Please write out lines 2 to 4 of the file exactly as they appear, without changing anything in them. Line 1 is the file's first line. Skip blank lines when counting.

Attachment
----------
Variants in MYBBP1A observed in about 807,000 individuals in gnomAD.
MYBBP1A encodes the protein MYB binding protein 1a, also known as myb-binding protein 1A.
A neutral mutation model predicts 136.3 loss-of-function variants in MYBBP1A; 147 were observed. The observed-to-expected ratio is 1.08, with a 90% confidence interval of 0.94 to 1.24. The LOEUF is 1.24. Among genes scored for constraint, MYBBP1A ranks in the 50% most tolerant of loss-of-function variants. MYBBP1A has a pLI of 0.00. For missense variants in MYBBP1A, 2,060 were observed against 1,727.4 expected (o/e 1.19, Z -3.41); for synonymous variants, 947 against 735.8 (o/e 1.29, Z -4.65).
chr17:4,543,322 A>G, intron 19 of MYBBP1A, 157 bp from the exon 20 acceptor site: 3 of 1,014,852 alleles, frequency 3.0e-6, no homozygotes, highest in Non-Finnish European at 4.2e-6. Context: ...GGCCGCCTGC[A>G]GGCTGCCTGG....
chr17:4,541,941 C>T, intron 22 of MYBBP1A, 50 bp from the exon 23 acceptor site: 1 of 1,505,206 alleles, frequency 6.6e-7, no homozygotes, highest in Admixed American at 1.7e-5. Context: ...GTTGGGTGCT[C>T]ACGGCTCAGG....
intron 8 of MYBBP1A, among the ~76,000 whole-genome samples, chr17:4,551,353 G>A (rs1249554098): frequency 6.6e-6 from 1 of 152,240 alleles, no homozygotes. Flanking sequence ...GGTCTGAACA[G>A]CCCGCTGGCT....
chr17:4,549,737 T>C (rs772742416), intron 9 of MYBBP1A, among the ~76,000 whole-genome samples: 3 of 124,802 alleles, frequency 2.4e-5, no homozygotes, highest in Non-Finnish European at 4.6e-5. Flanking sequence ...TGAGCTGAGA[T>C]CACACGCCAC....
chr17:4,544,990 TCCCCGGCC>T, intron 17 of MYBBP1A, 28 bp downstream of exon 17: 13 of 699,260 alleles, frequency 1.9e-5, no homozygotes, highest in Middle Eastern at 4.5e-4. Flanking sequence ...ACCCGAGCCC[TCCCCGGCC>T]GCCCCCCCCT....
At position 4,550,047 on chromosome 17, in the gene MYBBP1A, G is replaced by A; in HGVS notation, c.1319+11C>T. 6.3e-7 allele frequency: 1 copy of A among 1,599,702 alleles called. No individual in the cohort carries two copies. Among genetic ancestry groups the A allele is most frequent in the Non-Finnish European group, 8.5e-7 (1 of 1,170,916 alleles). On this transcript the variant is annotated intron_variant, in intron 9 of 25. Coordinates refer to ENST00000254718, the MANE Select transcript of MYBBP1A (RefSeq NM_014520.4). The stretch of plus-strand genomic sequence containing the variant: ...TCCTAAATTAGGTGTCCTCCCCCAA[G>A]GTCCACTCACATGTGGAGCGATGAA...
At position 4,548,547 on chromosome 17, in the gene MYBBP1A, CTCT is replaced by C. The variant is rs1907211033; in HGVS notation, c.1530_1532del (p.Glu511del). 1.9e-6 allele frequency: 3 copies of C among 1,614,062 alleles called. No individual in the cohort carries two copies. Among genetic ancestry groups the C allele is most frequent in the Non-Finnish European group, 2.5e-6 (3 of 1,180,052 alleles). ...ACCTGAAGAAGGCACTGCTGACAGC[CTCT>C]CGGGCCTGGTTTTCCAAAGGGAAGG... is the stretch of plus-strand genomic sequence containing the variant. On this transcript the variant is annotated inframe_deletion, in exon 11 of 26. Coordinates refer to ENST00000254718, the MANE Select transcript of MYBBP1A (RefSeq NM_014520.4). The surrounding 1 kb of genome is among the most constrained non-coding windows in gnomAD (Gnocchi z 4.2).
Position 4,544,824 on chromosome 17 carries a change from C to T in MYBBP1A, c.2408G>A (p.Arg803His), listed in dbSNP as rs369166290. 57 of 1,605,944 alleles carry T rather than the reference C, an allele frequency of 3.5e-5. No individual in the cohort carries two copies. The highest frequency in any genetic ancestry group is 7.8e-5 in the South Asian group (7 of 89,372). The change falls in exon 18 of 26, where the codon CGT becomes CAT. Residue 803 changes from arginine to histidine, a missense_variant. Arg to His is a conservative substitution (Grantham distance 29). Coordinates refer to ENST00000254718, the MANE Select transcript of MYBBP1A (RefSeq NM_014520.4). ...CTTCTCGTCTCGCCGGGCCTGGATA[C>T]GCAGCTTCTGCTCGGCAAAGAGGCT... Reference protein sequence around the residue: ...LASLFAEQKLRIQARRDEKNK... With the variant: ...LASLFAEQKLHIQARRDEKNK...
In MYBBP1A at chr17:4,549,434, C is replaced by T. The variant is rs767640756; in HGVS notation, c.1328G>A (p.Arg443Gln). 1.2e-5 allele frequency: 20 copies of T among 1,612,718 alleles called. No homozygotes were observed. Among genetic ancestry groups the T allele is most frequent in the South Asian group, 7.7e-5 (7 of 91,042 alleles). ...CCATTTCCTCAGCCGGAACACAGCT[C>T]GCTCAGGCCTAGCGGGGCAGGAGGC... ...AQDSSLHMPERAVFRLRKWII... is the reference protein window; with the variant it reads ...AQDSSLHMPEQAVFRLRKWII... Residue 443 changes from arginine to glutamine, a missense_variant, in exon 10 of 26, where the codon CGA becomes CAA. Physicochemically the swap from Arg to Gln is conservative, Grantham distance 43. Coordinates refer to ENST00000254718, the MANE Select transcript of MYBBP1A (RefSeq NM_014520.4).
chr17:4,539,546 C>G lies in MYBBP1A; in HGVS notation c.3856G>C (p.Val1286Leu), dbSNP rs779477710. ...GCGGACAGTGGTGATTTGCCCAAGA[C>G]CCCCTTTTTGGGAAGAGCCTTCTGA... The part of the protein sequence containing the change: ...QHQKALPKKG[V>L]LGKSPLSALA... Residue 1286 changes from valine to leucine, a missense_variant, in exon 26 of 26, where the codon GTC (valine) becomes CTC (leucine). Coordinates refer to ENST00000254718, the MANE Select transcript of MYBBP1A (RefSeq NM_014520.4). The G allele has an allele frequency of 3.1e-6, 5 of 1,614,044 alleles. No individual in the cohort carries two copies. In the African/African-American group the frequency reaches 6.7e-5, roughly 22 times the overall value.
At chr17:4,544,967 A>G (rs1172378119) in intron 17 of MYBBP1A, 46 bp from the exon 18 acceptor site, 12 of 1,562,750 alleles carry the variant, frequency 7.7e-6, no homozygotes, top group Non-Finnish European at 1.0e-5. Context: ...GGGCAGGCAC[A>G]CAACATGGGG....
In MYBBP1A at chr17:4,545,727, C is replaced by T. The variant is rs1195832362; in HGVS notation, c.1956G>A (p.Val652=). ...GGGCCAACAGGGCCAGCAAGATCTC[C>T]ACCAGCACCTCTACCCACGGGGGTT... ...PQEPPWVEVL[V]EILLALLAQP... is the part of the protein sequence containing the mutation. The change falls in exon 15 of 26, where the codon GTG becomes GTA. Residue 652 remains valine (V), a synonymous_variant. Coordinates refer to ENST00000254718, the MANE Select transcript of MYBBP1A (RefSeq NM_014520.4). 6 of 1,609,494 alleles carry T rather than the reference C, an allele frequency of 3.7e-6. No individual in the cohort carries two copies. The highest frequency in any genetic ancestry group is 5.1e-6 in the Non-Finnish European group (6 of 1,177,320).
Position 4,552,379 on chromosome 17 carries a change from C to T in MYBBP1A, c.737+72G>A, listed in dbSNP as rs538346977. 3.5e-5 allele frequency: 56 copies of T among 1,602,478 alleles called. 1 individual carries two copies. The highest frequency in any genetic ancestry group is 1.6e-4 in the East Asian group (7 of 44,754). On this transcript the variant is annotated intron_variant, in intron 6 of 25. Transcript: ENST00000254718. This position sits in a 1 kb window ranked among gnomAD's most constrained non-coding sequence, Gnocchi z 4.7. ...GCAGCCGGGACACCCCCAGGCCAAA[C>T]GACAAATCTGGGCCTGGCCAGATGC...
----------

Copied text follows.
MYBBP1A encodes the protein MYB binding protein 1a, also known as myb-binding protein 1A.
A neutral mutation model predicts 136.3 loss-of-function variants in MYBBP1A; 147 were observed. The observed-to-expected ratio is 1.08, with a 90% confidence interval of 0.94 to 1.24. The LOEUF is 1.24. Among genes scored for constraint, MYBBP1A ranks in the 50% most tolerant of loss-of-function variants. MYBBP1A has a pLI of 0.00. For missense variants in MYBBP1A, 2,060 were observed against 1,727.4 expected (o/e 1.19, Z -3.41); for synonymous variants, 947 against 735.8 (o/e 1.29, Z -4.65).
chr17:4,543,322 A>G, intron 19 of MYBBP1A, 157 bp from the exon 20 acceptor site: 3 of 1,014,852 alleles, frequency 3.0e-6, no homozygotes, highest in Non-Finnish European at 4.2e-6. Context: ...GGCCGCCTGC[A>G]GGCTGCCTGG....